"Do I hear a howbeit in there?" Blake asked, drawing Rolfe from his thoughts.

"Aye," he admitted, deciding if he were to warn him at all, the time was now.

"Howbeit what?" the warrior prompted, eyes narrowed in suspicion.

"She is a bit rough around the edges."

"Rough around the edges?" Blake echoed with alarm. "What mean you she is rough around the edges?"

"Well..." Rolfe glanced at the Bishop for help.

Bushy white eyebrows doing a little dance above gentle green eyes, Bishop Wykeham considered the question briefly, then leaned forward to peer past Rolfe's bulk at the groom. "Her mother died when she was young, leaving your betrothed to be raised by her father and older brother. I fear she is a bit lacking in some of the softer refinements," he said delicately.

Blake was not fooled. The Bishop was a master of understatement, if he said she was lacking some softer refinements, she was most like a barbarian. He turned on the younger man accusingly. "You did not mention this afore, Kenwick!"

"Well, nay," Rolfe allowed reluctantly. "Nay, I did not. I thought mayhap it would set you to fretting and there was no sense in doing that."

"Damn!" Blake glared at Dunbar castle as they approached. It appeared cold and unfriendly to him. The Scots had not exactly rolled out the welcome, but then he had not expected them to. They wanted the marriage no more than he did.

"'Tis not so bad, son." The Bishop soothed. "Seonaid is a bit rough and gruff, but rather like your friend Amaury is. In fact, I would say she is as near a female version of that fellow as 'tis possible to have."

Amaury de Aneford was Blake's best friend and had been since they’d squired together as children. They got on well and had even been business partners until Amaury's recent marriage and rise in station to Duke had forced him out of the warring business. Bishop Wykeham thought he was offering a positive comparison to the young man. He thought wrong.

"B'Gad," Blake muttered in horror. In his mind’s eye he was lifting his bride's marriage veil and having to kiss a tall, black-haired version of his good friend, the intrepid warrior Amaury. It was enough to near knock him off his horse.

Shaking the image away, Blake tossed a glare in Little George's direction as he burst out laughing -- no doubt under the influence of a not dissimilar vision. When his glare had little effect, he slumped miserably in his saddle. At that point, Blake would dearly have loved to turn around and head straight back to England. However, it was not an option. The blasted betrothal had been negotiated when he was but a boy of ten and Lady Seonaid just four. His father -- the Earl -- had regretted doing so almost before the ink had dried on the scroll. He and the Dunbar -- once the best of friends -- had suffered a falling out. They had not spoken to each other since two weeks after completing the betrothal, some twenty years ago. Both had been more than happy to forget all about the contract, but neither of them had been willing to break it and forfeit the properties and dower they had put up against it, which had left the possibility for the king to order the fulfillment of the contract if he so wished. Unfortunately, he wished.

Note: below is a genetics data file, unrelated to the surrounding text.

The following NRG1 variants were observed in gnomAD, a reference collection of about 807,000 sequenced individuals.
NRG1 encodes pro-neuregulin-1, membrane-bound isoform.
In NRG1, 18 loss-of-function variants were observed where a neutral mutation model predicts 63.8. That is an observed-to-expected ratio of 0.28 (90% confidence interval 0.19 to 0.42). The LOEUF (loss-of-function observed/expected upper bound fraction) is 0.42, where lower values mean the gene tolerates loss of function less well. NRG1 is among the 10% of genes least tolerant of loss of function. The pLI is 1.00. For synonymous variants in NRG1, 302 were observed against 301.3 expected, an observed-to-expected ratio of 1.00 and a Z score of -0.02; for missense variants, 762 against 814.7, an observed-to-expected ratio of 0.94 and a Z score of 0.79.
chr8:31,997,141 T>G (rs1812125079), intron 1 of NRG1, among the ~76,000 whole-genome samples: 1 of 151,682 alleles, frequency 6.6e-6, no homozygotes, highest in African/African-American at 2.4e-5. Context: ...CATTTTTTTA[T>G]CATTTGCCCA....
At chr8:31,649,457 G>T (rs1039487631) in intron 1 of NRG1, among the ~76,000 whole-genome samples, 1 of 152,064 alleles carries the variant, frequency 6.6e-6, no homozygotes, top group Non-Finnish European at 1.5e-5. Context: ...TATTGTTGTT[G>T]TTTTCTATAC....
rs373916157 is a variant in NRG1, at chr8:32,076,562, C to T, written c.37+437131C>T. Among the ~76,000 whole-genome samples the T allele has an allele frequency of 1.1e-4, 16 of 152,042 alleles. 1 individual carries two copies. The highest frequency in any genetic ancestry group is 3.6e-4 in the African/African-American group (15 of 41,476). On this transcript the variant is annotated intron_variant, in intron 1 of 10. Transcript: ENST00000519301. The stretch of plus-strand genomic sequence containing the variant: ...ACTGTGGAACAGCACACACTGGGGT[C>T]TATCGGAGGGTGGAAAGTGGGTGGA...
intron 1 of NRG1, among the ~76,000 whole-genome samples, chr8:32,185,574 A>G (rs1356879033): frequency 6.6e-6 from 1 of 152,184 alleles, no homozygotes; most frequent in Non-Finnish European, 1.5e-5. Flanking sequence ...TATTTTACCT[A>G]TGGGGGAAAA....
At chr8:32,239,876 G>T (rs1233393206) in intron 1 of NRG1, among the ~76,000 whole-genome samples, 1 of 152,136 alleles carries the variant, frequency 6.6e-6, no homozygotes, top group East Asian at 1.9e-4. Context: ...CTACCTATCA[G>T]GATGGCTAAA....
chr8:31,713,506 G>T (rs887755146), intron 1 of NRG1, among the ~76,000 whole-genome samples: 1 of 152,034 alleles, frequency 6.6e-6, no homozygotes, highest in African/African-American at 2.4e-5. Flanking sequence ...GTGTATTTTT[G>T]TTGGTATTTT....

Blake could not turn and head back to England, his future was set. By noon on the morrow, he would be a married man.

Damn..life was a trial, and what little freedom a man enjoyed was short lived, he mused miserably. Then he forced himself to straighten in the saddle as he realized they were about to pass through the gates into the bailey of Dunbar keep. He would present a strong, confident front to these people. His pride insisted on it.

Blake lifted his head and met the silent stares of the guards watching from the walls, but soon found it difficult to keep his face expressionless when the men began shouting to each other.

"Which one be he, diya think?" shouted one man.

"The poor wee blonde one I wager," answered another, an older soldier. "He be a fair copy of his faither."

There was a brief silence as every eye examined him more thoroughly at this news, then someone commented, "A shame that. I be thinkin’ the dark braw one might have a chance, but the wee one 'll no last a day."

"I say he'll no last half a day!" someone else shouted.

"Whit diya wager?"

Blake's expression hardened as the betting began. Indignity rose in him on a wave. Never in his life had he been called 'wee' before. He was damned big next to the average man, though he supposed he appeared smaller next to Little George. Still, he was of a size with Rolfe and by no means small. He also didn't appreciate the fact they doubted his ability to handle one lone woman, taller than average or not. A glance at Rolfe and the Bishop showed both men looking uncomfortable as they avoided his eyes. Little George, however, was looking a bit worried. It seemed he was letting the men on the wall unsettle him.